Everyone loves Tony, and he is prolific at using social media to inspire people.  I respect what all three guys said below, and I’ll add: Do something!

LINK

For generations past, home ownership was a significant rite of passage that signaled stability, commitment, and, often, prosperity.

But, in this as in so many other cases, millennials are different.

As of 2015, adults under age 35 made up 19 percent of U.S. households but less than 10 percent of homeowners, according to a report released by Harvard University’s Joint Center for Housing Studies.

Entrepreneur and bestselling author Tony Robbins says that, while millennials might be missing out on the social upsides of home ownership, real estate is not the best investment they could be making.

“One of the weakest performers [is] your own personal real estate, because it doesn’t provide much income,” Robbins says. “It’s an inflation hedge. You do a little better than inflation, and you can have your own home, so there’s a psychological, emotional benefit.”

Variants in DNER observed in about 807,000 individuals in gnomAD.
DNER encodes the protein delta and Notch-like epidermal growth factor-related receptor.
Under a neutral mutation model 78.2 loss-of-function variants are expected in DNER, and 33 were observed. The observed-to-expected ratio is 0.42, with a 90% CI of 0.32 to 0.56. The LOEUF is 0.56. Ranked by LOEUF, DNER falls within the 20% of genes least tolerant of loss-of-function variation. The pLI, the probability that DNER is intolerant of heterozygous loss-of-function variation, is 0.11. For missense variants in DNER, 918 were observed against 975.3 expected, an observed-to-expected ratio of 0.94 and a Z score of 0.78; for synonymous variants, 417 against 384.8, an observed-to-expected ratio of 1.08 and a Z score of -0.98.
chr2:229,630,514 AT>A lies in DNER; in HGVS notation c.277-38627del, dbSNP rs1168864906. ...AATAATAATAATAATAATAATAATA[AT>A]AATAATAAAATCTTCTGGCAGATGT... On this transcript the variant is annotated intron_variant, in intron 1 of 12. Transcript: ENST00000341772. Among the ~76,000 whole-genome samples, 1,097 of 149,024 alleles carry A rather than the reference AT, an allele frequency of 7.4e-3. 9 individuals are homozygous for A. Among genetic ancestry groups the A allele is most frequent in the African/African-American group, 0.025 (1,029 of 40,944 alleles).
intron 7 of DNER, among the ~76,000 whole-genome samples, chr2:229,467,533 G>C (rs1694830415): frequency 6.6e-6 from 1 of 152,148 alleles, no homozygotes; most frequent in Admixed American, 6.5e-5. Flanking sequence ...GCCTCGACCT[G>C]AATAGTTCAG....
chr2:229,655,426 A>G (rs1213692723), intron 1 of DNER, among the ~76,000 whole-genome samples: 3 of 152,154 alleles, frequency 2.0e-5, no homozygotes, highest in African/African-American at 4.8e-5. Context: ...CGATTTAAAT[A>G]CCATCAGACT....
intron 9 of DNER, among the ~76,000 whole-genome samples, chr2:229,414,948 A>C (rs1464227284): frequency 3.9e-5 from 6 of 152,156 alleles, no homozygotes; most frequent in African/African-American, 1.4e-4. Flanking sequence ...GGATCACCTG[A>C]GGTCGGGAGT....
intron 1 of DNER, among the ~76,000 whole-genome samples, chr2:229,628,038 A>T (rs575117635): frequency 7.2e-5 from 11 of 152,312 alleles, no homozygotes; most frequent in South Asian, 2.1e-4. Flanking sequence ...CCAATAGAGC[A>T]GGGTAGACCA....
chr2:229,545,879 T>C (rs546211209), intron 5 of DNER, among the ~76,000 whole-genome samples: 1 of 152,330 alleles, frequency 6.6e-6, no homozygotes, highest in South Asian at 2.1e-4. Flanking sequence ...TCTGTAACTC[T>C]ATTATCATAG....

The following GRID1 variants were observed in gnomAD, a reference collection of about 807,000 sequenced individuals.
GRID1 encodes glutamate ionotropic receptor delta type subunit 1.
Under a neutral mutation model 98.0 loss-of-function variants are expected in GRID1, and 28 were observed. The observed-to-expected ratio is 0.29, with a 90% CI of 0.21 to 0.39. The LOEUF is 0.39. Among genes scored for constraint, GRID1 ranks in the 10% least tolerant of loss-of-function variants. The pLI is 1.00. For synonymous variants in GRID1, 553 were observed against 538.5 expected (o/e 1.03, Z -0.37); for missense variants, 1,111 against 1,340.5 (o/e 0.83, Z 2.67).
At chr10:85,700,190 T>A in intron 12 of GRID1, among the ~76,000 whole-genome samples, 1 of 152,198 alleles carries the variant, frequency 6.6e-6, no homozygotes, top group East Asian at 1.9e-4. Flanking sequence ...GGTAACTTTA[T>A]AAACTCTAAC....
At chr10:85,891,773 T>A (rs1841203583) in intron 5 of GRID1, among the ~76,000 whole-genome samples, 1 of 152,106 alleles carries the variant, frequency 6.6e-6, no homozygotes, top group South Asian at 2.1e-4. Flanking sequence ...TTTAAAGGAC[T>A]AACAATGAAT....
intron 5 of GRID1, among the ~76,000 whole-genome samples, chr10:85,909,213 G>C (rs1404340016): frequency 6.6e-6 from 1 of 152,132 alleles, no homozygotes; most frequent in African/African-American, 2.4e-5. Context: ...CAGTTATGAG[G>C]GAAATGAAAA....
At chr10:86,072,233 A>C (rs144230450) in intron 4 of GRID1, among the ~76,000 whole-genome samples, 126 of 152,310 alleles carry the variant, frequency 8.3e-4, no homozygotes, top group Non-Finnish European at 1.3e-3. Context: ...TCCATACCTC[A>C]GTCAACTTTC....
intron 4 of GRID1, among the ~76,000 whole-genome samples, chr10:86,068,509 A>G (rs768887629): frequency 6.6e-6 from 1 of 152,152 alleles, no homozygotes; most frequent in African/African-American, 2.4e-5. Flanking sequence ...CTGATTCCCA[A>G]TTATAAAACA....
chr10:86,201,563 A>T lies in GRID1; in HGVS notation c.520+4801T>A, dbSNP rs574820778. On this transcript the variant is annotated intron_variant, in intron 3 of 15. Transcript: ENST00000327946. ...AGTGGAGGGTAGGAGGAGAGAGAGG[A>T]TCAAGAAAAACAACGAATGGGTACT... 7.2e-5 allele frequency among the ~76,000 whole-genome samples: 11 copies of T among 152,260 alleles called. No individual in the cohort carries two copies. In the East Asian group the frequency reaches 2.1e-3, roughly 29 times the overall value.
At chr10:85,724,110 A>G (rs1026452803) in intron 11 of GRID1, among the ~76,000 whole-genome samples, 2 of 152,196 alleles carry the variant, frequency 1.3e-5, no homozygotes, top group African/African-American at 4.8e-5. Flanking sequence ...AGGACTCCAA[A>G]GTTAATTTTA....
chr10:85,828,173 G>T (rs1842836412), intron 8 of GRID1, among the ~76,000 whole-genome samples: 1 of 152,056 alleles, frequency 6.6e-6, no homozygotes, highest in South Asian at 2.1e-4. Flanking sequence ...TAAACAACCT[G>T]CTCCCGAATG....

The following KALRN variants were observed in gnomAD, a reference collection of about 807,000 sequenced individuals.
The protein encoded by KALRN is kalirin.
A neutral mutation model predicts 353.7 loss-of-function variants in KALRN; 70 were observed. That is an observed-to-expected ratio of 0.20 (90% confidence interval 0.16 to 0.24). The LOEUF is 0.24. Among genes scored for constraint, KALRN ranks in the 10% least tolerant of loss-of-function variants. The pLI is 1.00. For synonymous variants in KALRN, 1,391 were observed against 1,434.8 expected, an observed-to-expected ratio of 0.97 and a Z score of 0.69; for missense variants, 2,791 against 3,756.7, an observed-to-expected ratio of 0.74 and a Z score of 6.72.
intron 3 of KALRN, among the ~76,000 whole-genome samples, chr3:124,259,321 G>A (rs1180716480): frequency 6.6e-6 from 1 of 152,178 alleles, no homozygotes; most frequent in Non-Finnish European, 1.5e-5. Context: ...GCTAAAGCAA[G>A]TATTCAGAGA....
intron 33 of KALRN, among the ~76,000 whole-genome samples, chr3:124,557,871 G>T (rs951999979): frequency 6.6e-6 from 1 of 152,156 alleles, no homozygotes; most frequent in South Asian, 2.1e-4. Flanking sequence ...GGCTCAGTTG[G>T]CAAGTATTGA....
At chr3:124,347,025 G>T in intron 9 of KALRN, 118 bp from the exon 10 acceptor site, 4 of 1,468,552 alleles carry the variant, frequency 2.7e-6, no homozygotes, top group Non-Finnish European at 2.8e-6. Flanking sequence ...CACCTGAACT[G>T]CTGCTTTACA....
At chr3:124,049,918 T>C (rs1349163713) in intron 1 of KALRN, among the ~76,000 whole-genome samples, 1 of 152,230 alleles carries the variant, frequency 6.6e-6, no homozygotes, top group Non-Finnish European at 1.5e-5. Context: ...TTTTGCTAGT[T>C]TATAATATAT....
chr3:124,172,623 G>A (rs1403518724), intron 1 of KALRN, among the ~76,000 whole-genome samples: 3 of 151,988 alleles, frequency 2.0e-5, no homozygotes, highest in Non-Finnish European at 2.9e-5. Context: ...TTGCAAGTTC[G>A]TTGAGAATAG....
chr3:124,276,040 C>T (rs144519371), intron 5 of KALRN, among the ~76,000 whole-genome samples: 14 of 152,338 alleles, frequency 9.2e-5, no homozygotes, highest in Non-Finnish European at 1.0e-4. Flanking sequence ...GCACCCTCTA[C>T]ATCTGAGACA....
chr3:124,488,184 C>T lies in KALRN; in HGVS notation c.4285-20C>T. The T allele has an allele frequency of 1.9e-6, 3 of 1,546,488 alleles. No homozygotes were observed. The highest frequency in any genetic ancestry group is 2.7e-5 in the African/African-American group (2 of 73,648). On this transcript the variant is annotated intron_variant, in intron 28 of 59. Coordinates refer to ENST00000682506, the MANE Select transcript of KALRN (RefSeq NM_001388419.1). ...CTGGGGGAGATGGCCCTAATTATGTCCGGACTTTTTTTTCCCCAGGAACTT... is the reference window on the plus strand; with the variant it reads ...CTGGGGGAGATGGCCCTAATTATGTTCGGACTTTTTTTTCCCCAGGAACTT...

Instead, millennials in a position to buy property should be considering how to do so in a way that will provide them additional cash flow, he says.

“If you can own real estate, real estate with an income is the one [form of] real estate that’s more valuable,” says Robbins.

Opinions on the imperative of millennial home ownership vary.

Self-made millionaire Grant Cardone tells CNBC that home owners are forced to continue to spend unceasingly, and that he regrets buying a house at age 30.

“Unless you have 20 million bucks in the bank, in cash, you have no business buying a house,” says Cardone.

In personal finance classic “Rich Dad Poor Dad,” author Robert Kiyosaki notes that houses should be viewed as a liability, as opposed to an asset, and points out that it’s not a given that a home will appreciate in value.

“I am not saying don’t buy a house. What I am saying is that you should understand the difference between an asset and a liability,” Kiyosaki writes. “When I want a bigger house, I first buy assets that will generate the cash flow to pay for the house.”

Posted by on Mar 26, 2017 in Jim's Take on the Market, Thinking of Buying?, Tips, Advice & Links | 10 comments

Home Seller and Buyer Tips

Are you thinking of selling and/or buying this year?

Here are some ideas to hopefully give you an edge in conquering what usually ends up being the 1% to 2% difference between the thrill of victory and the agony of defeat!

Home Sellers